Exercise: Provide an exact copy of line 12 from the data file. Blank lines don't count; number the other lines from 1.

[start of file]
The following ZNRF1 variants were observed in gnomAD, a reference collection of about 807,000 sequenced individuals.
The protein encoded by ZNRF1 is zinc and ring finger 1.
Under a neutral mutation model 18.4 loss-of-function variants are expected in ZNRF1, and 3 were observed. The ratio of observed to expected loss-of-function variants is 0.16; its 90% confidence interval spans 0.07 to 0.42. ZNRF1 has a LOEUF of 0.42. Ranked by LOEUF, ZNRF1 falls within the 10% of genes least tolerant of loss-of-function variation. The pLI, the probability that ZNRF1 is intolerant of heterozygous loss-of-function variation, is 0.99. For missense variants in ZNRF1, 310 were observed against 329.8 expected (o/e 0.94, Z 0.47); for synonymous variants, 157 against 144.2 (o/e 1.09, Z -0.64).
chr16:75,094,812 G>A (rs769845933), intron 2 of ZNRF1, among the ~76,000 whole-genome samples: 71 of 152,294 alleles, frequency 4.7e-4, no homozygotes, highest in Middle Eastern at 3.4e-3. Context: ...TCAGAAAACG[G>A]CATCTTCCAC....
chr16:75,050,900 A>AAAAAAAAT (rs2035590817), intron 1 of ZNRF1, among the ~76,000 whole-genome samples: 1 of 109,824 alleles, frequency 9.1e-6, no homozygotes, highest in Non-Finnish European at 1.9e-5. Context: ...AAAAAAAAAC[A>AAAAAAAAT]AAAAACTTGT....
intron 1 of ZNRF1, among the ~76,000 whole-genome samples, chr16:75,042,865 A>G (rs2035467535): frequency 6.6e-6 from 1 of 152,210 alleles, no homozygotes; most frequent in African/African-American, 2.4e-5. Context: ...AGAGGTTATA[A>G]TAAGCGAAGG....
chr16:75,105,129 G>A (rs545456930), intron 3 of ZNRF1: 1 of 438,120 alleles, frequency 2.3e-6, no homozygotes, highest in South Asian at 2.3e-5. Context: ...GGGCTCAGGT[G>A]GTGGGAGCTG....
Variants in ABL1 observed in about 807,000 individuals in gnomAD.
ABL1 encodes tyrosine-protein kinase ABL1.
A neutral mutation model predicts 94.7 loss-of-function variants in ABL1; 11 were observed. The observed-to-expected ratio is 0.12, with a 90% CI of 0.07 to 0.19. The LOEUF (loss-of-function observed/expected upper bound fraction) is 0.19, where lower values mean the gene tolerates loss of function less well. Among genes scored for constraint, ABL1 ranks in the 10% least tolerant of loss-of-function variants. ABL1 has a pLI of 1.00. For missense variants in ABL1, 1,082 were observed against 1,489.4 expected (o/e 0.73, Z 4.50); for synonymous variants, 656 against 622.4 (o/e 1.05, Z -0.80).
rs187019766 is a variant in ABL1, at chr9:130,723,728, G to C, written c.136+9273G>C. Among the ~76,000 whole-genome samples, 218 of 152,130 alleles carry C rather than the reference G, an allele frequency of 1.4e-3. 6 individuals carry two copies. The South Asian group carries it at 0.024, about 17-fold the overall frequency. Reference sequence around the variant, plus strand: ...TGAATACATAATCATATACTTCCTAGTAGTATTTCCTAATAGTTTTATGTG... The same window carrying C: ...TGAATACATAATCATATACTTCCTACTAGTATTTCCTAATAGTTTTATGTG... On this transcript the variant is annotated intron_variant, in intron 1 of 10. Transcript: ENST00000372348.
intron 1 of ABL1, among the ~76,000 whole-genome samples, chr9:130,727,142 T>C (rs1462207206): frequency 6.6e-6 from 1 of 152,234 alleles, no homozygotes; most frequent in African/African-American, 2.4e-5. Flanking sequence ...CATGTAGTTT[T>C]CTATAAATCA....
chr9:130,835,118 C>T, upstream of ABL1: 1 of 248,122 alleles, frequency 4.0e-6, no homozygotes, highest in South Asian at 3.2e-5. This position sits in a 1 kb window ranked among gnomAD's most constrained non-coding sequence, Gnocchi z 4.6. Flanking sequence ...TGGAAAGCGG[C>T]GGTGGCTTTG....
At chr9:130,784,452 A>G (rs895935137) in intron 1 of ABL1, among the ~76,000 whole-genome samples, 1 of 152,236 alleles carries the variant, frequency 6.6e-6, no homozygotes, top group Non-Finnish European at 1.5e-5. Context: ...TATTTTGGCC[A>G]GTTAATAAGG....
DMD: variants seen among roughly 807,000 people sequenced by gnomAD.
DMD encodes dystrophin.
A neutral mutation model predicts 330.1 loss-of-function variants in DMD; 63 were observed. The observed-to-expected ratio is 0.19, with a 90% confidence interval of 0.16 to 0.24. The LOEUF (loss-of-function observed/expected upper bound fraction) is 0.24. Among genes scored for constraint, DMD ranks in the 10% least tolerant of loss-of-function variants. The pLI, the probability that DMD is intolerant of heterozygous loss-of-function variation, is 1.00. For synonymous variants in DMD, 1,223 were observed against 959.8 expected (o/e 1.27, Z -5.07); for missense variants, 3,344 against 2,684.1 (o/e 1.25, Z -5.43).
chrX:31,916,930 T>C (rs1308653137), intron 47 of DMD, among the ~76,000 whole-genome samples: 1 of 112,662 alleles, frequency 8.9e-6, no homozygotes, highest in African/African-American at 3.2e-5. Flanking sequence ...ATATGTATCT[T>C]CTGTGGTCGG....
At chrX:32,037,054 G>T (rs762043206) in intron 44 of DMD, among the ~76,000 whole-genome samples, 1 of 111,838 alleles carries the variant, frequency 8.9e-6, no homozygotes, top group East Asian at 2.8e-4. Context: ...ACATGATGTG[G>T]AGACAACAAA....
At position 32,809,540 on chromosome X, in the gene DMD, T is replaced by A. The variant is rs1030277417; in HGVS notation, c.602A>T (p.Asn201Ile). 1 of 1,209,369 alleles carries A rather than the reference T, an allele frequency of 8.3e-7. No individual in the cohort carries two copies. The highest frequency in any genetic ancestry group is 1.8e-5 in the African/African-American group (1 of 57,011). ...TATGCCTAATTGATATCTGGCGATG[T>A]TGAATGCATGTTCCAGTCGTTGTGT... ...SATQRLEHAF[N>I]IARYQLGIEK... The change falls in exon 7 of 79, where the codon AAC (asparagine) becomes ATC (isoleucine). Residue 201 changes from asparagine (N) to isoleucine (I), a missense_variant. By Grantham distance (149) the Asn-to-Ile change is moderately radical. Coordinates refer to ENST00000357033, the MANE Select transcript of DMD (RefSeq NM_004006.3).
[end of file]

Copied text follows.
intron 1 of ABL1, among the ~76,000 whole-genome samples, chr9:130,727,142 T>C (rs1462207206): frequency 6.6e-6 from 1 of 152,234 alleles, no homozygotes; most frequent in African/African-American, 2.4e-5. Flanking sequence ...CATGTAGTTT[T>C]CTATAAATCA....